Frances Robles, a New York Times journalist, was covering the departure of Father Edwing Román along with the relatives of political prisoners who were on a hunger strike inside the San Miguel Arcángel church, in Masaya, on November 22. She was attacked by a mob.
That group of orteguistas put her on the ground to try to steal her phone and, later, to throw a stone at her that destroyed the rear glass of the vehicle in which the correspondent for Central America, the Caribbean and the Florida of the American environment was mobilized.
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Robles had already been attacked a day earlier. The first time it happened outside the San Juan Bautista church in Masaya. A woman, who was part of the mob from Ortega who tried to break into the temple while celebrating mass, was angry with her because she was taking photographs.
“She hit me, taking the glasses off my face and the phone out of my hand,” said the journalist.
That same woman saw her on the cover at the San Miguel church. Robles heard people shout “It’s her!”, “Get her out of here!”, Referring to the journalist. Two policemen escorted her to one of the checkpoints, located about a block from the church, and left her alone, “in the hands of the mob that was coming for me,” she said.
“A group of people surrounded me, demanding that I hand over my phone. Several women threw me to the ground and fought with me on the phone. I yelled: Policía Police! Police! ’Because I knew the officers were only a few steps away, but no one came to help me,” the journalist said.
One of the women reached into her bag and grabbed what she considered to be her phone, but it was a portable charger. The attack ended because the women thought they had their cell phone and during those seconds, Robles managed to escape.
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“I rushed into the rental car and someone threw a large stone, breaking the glass of the car,” he says via email.
Despite the fact that there were hundreds of policemen in the place, the same ones who did not allow anyone to approach the temple, in which 14 people remained without water and electricity, including Father Román himself, they left women sympathizers of the Ortega regime to act with impunity against the journalist.
Robles lived for a year (2001) in Nicaragua and, since then, has returned to the country many times and nothing had ever happened to him before. He has been a journalist for thirty years and the last two assaults were the only incidents he has experienced while doing coverage.
Robles’ case was also exposed in a report published in The New York Times on Thursday, in which he recounted the ordeal that the relatives of political prisoners lived inside the church in Masaya, under the imposed state of police and parapolice siege.
Attacks on journalists
The assault on Robles is one of the risk situations that independent journalists face in the exercise of their profession in Nicaragua.
According to the Independent Press Freedom Observatory in Nicaragua, of Independent Journalists and Communicators (PCIN), in the last three months, 33 cases of journalists have been documented in which there were 120 crimes that violate press freedom and access at the information.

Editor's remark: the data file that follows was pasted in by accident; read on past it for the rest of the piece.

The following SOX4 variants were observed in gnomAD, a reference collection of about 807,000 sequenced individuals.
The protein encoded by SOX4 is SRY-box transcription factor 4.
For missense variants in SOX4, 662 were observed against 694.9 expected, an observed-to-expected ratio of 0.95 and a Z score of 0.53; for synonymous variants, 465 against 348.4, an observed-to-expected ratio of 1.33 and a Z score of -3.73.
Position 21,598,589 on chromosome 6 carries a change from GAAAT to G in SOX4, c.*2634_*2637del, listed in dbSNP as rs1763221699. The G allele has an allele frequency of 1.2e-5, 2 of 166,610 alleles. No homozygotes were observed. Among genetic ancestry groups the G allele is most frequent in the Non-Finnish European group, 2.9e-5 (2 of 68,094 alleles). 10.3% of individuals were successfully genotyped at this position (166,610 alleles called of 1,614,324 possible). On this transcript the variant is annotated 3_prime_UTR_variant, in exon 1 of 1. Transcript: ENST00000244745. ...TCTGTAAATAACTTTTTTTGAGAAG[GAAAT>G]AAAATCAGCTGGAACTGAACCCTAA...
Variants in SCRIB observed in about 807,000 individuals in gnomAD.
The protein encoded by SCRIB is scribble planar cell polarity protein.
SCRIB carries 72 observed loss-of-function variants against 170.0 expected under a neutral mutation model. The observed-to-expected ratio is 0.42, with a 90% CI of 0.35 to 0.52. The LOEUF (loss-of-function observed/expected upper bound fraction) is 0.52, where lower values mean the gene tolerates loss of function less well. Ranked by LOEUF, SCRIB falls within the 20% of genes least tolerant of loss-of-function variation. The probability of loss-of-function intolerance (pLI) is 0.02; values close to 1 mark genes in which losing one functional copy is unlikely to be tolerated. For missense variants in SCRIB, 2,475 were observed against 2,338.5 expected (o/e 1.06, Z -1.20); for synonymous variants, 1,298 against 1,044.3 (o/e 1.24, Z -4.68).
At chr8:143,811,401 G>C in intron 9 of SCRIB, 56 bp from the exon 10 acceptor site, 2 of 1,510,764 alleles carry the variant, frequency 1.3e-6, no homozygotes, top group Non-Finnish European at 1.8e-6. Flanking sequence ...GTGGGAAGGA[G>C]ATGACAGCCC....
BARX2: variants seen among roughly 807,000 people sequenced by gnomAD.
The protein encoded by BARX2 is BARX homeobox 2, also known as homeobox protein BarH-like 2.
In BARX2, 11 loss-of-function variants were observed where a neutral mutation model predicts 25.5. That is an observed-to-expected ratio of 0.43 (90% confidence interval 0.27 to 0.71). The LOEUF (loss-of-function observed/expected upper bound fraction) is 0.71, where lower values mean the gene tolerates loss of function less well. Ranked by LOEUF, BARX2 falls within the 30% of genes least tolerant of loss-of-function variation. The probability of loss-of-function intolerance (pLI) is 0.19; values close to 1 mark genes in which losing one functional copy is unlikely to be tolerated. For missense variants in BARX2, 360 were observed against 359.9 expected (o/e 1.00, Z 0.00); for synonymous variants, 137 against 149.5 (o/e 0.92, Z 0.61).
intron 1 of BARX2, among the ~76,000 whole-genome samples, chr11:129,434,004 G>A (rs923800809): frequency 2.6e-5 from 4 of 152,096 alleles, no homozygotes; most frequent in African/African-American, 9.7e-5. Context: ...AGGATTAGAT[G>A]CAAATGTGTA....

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Journalists have been victims of threats, harassment, assaults, theft of equipment, arrests, obstruction of their work and harassment.
In 21.6 percent of the identified cases there were threats, followed by harassment and obstruction, which was present in 20.8 percent of the cases, respectively. The data was exposed by PCIN this Thursday. In the report they also emphasized impunity in the face of attacks on life, judicial siege, discredit campaigns, in addition to the illegal arrest of journalistic teams by Ortega police and parapolice.
For Robles, there is no doubt that journalism is very difficult today in Nicaragua.
“Pro-government groups seem very determined not to allow anyone to take photos or videos. They are stealing the cameras of the journalists as if taking photos on the street, covering the news, was a crime, ”he said.
According to the monitoring of the Violeta Barrios de Chamorro Foundation, from April 2018, when the sociopolitical crisis broke out in the country, until June 2019 there have been 1,378 cases of violation of press freedom.
To this are added that the facilities of the Confidencial, Esta Semana, Esta Noche media and the 100% Noticias channel are still taken by the Orteguista Police, after a year. Its owners, journalists Carlos Fernando Chamorro and Miguel Mora, have denounced these violations in national and international instances.
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THE PRESS adds 69 weeks of having its raw material and paper withheld by a customs blockade.
Violence against journalists
In the report of the Observatory of Independent Press Freedom in Nicaragua, of Independent Journalists and Communicators (PCIN), 13 cases of documented attacks on female journalists were identified.
Of these, in four of them, attacks identified as sexual violence were committed, expressed in acts of blackmail, groping, threats of rape, harassment, harassment, cyberbullying and cyber-stalking. “These crimes were carried out by paramilitaries, public officials, parapolicies, fanatical supporters of the government party, and national police officers, against women journalists, and occurred while they were carrying out journalistic work,” the report states. One of the most recent attacks was against journalist Kastalia Zapata, from Channel 12, who was robbed by three police officers.